Craven, Michael P.
Inter-chip communications in an analogue neural network utilising frequency division multiplexing.
PhD thesis, University of Nottingham.
As advances have been made in semiconductor processing technology, the number of transistors on a chip has increased out of step with the number of input/output pins, which has introduced a communications ’bottle-neck’ in the design of computer architectures. This is a major issue in the hardware design of parallel structures implemented in either digital or analogue VLSI, and is particularly relevant to the design of neural networks which need to be highly interconnected.
This work reviews hardware implementations of neural networks, with an emphasis on analogue implementations, and proposes a new method for overcoming connectivity constraints, by the use of Frequency Division Multiplexing (FDM) for the inter-chip communications. In this FDM scheme, multiple analogue signals are transmitted between chips on a single wire by modulating them at different frequencies.
The main theoretical work examines the number of signals which can be packed into an FDM channel, depending on the quality factors of the filters used for the demultiplexing, and a fractional overlap parameter which was defined to take into account the inevitable overlapping of filter frequency responses. It is seen that by increasing the amount of permissible overlap, it is possible to communicate a larger number of signals in a given bandwidth.
Alternatively, the quality factors of the filters can be reduced, which is advantageous for hardware implementation. Therefore, it was found necessary to determine the amount of overlap which might be permissible in a neural network implementation utilising FDM communications.
A software simulator is described, which was designed to test the effects of overlap on Multilayer Perceptron neural networks. Results are presented for networks trained with the backpropagation algorithm, and with the alternative weight perturbation algorithm. These were carried out using both floating point and quantised weights to examine the combined effects of overlap and weight quantisation. It is shown using examples of classification problems, that the neural network learning is indeed highly tolerent to overlap, such that the effect on performance (i.e. on convergence or generalisation) is negligible for fractional overlaps of up to 30%, and some tolerence is achieved for higher overlaps, before failure eventually occurs. The results of the simulations are followed up by a closer examination of the mechanism of network failure.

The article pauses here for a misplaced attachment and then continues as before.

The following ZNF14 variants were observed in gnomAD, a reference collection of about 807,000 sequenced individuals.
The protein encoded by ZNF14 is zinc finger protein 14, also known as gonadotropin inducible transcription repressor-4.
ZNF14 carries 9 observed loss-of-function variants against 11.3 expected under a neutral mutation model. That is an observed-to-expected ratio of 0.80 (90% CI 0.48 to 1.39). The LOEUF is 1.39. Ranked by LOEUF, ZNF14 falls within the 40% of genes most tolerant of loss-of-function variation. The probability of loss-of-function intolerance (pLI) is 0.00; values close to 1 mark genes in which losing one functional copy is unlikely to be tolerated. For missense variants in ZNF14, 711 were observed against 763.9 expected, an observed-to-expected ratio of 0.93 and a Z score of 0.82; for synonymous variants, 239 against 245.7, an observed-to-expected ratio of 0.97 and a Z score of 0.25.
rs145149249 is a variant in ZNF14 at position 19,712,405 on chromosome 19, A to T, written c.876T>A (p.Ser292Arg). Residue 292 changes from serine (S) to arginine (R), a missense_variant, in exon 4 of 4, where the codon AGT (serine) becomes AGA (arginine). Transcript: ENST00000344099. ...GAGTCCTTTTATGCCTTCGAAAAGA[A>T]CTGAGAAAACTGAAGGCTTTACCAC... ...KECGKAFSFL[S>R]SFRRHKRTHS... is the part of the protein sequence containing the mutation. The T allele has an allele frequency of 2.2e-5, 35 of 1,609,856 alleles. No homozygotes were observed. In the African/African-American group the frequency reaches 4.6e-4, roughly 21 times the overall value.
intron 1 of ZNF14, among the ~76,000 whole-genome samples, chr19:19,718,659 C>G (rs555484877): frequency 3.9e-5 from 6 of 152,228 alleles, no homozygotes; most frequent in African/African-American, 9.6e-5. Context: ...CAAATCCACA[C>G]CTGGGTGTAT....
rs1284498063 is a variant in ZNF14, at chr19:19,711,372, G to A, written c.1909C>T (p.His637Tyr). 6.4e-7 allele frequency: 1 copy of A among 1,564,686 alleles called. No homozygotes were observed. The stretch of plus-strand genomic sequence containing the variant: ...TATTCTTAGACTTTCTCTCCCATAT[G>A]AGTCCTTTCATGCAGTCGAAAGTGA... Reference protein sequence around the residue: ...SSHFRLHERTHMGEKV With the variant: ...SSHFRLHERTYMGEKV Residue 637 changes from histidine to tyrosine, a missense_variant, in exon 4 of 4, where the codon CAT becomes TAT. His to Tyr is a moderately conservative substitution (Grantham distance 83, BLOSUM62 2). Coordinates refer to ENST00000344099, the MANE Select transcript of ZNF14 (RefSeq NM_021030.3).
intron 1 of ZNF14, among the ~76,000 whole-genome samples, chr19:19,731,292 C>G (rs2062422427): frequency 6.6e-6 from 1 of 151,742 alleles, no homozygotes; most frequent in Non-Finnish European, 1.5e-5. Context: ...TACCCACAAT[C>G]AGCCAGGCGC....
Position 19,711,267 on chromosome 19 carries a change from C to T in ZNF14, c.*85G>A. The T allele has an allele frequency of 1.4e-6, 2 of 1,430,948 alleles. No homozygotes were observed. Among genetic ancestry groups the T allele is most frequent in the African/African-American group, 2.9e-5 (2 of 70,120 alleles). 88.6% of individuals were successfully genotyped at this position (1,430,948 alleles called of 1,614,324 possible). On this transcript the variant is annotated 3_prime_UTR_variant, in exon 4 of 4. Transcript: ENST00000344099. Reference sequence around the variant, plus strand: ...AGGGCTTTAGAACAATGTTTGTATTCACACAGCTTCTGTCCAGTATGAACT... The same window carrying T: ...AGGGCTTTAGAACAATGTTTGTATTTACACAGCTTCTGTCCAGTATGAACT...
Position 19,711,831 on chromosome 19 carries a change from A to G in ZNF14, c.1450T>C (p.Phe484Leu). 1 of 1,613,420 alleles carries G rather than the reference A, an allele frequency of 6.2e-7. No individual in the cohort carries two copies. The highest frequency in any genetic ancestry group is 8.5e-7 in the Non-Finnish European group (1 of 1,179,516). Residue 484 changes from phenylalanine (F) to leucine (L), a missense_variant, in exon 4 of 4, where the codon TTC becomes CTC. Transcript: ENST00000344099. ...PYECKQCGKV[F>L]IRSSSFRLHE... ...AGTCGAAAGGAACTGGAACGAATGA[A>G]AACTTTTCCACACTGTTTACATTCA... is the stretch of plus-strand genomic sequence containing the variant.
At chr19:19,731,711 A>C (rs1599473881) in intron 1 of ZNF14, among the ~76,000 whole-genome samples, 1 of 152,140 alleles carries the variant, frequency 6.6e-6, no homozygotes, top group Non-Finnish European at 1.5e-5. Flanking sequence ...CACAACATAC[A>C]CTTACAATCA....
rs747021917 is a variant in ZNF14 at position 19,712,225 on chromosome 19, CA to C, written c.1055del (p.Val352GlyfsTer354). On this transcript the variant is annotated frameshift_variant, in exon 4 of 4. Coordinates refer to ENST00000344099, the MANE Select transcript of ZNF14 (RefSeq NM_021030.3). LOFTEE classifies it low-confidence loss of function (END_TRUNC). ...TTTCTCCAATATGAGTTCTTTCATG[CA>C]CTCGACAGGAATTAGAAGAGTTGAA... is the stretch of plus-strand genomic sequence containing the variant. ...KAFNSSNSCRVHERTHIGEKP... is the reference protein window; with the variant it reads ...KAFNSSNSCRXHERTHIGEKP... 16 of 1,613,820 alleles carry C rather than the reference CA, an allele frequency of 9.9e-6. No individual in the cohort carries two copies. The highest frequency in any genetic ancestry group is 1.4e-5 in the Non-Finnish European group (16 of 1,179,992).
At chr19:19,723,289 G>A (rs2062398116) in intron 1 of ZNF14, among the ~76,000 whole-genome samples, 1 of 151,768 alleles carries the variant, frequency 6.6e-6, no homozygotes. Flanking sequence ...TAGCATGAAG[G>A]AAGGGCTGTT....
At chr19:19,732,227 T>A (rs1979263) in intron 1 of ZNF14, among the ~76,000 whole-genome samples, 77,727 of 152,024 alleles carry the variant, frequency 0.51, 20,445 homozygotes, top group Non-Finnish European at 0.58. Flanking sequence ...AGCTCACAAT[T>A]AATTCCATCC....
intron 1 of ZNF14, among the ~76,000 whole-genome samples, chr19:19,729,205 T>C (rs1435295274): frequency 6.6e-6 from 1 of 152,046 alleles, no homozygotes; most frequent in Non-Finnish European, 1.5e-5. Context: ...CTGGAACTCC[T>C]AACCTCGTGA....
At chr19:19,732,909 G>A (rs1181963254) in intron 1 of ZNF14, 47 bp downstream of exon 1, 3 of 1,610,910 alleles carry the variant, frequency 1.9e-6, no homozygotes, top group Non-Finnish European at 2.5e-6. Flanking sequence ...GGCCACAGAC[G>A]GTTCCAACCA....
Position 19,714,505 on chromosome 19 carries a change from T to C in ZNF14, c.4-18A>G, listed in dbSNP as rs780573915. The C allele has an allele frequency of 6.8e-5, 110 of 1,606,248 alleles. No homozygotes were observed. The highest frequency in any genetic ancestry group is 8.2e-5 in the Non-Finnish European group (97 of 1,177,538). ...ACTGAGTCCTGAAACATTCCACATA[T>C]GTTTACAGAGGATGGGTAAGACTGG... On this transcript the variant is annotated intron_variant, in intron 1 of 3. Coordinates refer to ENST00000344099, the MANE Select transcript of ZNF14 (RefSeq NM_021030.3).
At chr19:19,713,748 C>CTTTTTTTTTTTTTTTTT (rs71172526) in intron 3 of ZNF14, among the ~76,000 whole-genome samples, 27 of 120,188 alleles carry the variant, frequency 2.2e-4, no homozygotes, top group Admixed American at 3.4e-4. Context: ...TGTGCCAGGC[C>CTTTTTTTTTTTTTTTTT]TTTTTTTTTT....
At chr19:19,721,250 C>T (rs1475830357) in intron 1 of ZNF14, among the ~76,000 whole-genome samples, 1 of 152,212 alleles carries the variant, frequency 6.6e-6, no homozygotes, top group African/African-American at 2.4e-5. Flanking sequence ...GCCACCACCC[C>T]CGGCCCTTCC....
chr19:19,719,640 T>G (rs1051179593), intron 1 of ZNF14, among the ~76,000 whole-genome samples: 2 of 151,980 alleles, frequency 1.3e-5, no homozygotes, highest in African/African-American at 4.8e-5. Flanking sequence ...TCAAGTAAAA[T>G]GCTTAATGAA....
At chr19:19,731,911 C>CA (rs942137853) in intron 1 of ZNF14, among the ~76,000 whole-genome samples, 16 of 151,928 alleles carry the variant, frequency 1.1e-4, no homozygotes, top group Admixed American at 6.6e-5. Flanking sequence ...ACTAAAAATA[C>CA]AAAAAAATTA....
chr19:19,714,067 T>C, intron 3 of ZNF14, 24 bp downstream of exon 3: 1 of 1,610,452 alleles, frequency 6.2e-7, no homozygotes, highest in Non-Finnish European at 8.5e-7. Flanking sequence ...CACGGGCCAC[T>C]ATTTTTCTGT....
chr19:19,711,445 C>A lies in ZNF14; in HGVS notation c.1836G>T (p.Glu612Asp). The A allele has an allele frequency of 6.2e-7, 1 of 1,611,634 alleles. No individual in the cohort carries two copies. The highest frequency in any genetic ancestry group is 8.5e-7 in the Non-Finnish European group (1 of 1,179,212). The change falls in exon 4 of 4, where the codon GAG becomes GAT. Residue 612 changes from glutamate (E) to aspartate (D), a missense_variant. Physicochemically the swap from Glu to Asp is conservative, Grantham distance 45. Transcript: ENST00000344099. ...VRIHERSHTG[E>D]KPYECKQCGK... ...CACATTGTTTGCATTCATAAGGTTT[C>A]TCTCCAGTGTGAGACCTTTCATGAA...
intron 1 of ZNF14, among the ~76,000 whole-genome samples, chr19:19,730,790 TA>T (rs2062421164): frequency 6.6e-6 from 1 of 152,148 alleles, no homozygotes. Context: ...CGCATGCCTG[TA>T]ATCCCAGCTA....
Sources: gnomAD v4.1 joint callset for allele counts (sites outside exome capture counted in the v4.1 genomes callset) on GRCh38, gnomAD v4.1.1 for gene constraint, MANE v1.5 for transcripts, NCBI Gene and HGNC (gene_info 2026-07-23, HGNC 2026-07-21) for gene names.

The last section of the thesis investigates the VLSI implementation of the FDM scheme, and proposes the use of the operational transconductance amplifier (OTA) as a building block for implementation of the FDM circuitry in analogue VLSI.
A full custom VLSI design of an OTA is presented, which was designed and fabricated through Eurochip, using HSPICE/Mentor Graphics CAD tools and the Mietec 2.4µ CMOS process. A VLSI architecture for inter-chip FDM is also proposed, using adaptive tuning of the OTA-C filters and oscillators.This forms the basis for a program of further work towards the VLSI realisation of inter-chip FDM, which is outlined in the conclusions chapter.
Thesis (University of Nottingham only)
||neural network, learning algorithm, multiplexing, backpropagation, weight perturbation, simulation, filter, oscillator, VLSI, ANN, FDM, text-to-speech
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||13 Feb 2013 11:57
||19 Sep 2016 21:24
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